Bureaucratic Mismanagement is Undermining Wildfire Preparedness in the face of the coronavirus epidemic. Wildland firefighting crews have received little guidance from their parent organizations, and are struggling to respond to the changing public health situation, raising alarm among firefighters and politicians alike. Grist

Questions About The BLM’s Billion-Dollar Plan to Curb Wild Horse Populations and protect rangeland. It is designed to promote sustainable grazing and envisions the capture of hundreds of thousands of horses over two decades. Some groups remain skeptical, however, arguing that the plan aims to assist cattle ranchers without establishing clear protections for wild horse populations. The Salt Lake Tribune

The Grand Canyon’s Inter-Tribal Working Group Renovated the Park’s Interpretive Sites as part of a broader effort to include indigenous histories in park curricula. Renovations at the Hopi Tower, aimed at preserving Hopi culture, could usher in a more harmonious working relationship between the Park Service and local groups. National Parks Conservation Association

A Lawsuit Brought Against the Federal Government by the Yurok Tribe Was Blocked when a federal court, which affirmed the government's decision to limit water flows on the Klamath River. Attorneys representing the Yurok had argued that diminished water flows would threaten Coho Salmon habitat near the river’s mouth. The ruling, a blow to Yurok efforts to preserve traditional salmon fishing, comes in the wake of mass fish die-offs due to bacterial infections. E&E News

The Hmong Flower Farmers of Seattle Adapt to Coronavirus Closures A long-time staple of the iconic Pike Place Market have drawn strength from their refugee experiences. The Seattle Times

Articles Worth Reading: May 11, 2020

A Series of Interstate Water Disputes Looms Over the Supreme Court. Texas v. New Mexico, an upcoming case on Pecos River floodwater storage, appears to be the first of a new breed of showdowns over water rights in the West. In the lineup for high court review is a separate case pitting Texas against New Mexico and Colorado over water distribution from the Rio Grande. The impact of climate change is being felt in all the rivers under dispute. E&E News

Bioluminescent Waves Marked the Reopening of California’s Beaches in the wake of coronavirus closures. The annual phenomenon, a result of phytoplankton blooms, was the most vibrant in decades, offering a welcome reprieve from the lockdown that has kept beaches off-limits for weeks. The Guardian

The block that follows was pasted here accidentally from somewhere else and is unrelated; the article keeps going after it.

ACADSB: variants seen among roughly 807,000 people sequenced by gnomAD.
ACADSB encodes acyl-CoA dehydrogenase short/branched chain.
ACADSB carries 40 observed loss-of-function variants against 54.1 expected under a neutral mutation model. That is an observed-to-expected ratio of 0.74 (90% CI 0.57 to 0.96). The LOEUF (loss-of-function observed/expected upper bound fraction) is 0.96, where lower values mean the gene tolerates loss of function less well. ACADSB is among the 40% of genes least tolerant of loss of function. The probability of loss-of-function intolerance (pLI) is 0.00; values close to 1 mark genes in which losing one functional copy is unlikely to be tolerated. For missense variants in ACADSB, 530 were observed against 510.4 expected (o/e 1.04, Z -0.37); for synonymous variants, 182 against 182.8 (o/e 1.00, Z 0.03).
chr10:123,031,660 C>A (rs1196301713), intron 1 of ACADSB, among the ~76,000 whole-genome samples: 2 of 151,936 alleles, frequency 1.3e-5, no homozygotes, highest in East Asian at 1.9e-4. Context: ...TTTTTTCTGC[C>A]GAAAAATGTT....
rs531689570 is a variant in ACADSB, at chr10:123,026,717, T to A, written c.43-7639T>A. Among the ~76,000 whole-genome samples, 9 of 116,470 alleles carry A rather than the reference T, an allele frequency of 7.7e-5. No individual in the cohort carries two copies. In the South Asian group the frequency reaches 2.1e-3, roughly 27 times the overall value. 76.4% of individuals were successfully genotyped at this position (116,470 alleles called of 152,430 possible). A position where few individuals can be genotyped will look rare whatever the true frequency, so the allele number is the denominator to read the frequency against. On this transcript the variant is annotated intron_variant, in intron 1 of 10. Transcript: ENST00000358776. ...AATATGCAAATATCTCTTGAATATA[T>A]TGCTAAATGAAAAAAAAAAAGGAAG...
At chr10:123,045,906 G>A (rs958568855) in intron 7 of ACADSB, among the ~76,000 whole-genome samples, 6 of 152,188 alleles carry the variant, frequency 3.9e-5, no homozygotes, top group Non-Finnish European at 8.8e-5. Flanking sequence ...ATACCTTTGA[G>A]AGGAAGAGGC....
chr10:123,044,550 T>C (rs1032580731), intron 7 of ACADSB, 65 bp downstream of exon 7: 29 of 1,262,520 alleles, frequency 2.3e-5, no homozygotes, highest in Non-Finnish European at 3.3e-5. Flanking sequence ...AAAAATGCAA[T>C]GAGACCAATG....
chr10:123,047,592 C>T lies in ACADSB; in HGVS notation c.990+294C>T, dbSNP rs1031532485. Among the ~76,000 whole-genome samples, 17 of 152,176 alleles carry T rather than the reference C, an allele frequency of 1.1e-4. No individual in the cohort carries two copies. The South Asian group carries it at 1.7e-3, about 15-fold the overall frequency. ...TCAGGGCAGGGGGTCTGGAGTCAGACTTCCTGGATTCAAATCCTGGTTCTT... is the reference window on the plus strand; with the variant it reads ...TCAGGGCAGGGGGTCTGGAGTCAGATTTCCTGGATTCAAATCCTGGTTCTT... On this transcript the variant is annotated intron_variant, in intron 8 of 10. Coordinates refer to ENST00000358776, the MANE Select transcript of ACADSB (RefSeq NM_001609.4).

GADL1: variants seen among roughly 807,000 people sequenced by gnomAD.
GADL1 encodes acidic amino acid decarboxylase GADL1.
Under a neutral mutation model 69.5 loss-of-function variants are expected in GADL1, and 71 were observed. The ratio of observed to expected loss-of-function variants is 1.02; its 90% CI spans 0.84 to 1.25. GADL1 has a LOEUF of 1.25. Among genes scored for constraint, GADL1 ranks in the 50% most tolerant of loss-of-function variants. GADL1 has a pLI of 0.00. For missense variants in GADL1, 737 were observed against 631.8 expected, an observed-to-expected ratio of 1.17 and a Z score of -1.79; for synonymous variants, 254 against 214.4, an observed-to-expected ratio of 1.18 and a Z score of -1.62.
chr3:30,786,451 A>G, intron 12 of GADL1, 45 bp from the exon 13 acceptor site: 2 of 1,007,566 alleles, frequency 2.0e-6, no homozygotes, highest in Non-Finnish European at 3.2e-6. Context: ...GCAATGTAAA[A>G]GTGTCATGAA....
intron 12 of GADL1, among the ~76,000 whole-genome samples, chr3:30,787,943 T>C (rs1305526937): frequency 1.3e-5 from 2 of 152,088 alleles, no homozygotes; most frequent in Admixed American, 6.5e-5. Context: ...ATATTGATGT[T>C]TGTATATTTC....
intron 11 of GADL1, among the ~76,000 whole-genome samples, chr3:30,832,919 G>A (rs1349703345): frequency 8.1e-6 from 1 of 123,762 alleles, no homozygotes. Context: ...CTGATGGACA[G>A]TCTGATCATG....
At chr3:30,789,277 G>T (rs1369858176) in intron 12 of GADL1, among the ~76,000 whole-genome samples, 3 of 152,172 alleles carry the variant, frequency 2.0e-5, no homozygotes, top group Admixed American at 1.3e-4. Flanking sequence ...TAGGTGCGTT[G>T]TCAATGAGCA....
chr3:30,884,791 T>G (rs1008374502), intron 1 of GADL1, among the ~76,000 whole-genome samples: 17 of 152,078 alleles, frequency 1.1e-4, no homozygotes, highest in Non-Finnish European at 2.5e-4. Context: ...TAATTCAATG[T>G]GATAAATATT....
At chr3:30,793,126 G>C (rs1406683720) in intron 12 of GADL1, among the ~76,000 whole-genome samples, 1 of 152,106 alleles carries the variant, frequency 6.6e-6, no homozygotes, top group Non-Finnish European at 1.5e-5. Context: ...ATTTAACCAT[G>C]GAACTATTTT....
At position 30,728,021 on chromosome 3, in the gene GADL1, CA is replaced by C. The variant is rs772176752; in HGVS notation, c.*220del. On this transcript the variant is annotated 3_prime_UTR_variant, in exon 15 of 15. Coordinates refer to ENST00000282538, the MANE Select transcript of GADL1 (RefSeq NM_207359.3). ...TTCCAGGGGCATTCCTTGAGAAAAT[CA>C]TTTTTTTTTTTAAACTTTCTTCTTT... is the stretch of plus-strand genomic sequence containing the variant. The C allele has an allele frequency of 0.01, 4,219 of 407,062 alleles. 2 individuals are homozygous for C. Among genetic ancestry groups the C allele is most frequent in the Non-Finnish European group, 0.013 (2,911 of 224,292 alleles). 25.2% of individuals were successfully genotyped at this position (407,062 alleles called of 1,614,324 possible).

Bureaucratic Roadblocks Remain an Obstacle to Reparations Claims more than half a century after the end of nuclear testing in the West. Even as the legacy of radiation exposure continues to sicken downwind communities, relief under the Radiation Exposure Compensation Act — which is set to expire in 2022 — remains elusive for Indigenous families, who often lack the formal documents required to apply. High Country News

A Global Study Pinpointed the Colorado River Basin as One of the World's Most Vulnerable Agricultural Regions. Environmental scientists from Colorado State University, noting the risk to snowmelt posed by rising temperatures, found that decreased water availability could affect the food security of people dependent on crops grown with Colorado water, as well as two billion people worldwide. The Denver Post

Sightings of the Asian Giant Hornet in the Pacific Northwest Have Raised Fears that the invasive species could establish a foothold in the United States — and wipe out bee populations. The hornets, which had not previously been documented in the country, are known for their ferocious stings, and predilection for attacking bees. The New York Times

Lakota Activists Looking Toward the Next Battle to Protect Indigenous Land — in this case against the proposed Dewey-Burdock uranium mine. The Canadian-owned project in South Dakota’s Black Hills has stirred controversy from the start, owing to water-intensive mining practices, and the sacred history of the land it would cover. Activists hope that by continuing to draw out the legal battle over the mine’s permit, they can discourage investors from supporting construction — and set an important precedent for conservation efforts nationwide. Mother Jones